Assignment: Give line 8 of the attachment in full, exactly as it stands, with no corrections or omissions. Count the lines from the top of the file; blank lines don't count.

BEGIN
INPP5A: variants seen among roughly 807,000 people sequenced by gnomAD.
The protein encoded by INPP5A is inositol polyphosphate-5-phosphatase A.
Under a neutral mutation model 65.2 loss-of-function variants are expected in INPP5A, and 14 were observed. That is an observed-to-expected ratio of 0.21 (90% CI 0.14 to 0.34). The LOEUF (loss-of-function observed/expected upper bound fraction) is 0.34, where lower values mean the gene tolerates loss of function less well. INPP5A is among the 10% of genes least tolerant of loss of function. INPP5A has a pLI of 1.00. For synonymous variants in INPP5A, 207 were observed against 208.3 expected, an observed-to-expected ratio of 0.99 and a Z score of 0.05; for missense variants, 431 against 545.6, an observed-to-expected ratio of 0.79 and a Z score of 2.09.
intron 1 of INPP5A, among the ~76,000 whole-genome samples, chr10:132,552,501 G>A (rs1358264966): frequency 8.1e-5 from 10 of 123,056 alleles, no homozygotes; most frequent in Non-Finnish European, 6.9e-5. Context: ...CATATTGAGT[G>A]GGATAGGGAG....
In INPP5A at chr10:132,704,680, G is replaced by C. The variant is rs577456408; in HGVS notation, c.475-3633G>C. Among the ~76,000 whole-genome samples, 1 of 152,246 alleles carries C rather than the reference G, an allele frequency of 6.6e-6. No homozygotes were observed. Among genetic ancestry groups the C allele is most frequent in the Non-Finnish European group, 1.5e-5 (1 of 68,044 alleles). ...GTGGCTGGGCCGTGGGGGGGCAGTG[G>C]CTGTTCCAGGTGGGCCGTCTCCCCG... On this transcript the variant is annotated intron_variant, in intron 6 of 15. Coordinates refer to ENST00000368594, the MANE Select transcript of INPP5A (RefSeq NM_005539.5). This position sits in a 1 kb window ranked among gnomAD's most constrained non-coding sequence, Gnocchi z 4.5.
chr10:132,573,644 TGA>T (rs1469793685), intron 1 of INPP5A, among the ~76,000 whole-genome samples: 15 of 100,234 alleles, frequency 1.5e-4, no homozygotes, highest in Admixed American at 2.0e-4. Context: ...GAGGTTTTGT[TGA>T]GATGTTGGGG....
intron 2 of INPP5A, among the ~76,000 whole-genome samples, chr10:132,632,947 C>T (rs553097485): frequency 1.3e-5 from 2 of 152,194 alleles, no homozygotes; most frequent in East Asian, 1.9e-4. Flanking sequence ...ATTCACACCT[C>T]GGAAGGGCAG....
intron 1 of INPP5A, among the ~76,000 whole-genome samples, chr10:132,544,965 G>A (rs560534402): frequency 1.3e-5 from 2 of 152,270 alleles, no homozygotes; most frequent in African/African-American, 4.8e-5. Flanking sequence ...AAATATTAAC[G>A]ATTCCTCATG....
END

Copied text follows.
intron 1 of INPP5A, among the ~76,000 whole-genome samples, chr10:132,544,965 G>A (rs560534402): frequency 1.3e-5 from 2 of 152,270 alleles, no homozygotes; most frequent in African/African-American, 4.8e-5. Flanking sequence ...AAATATTAAC[G>A]ATTCCTCATG....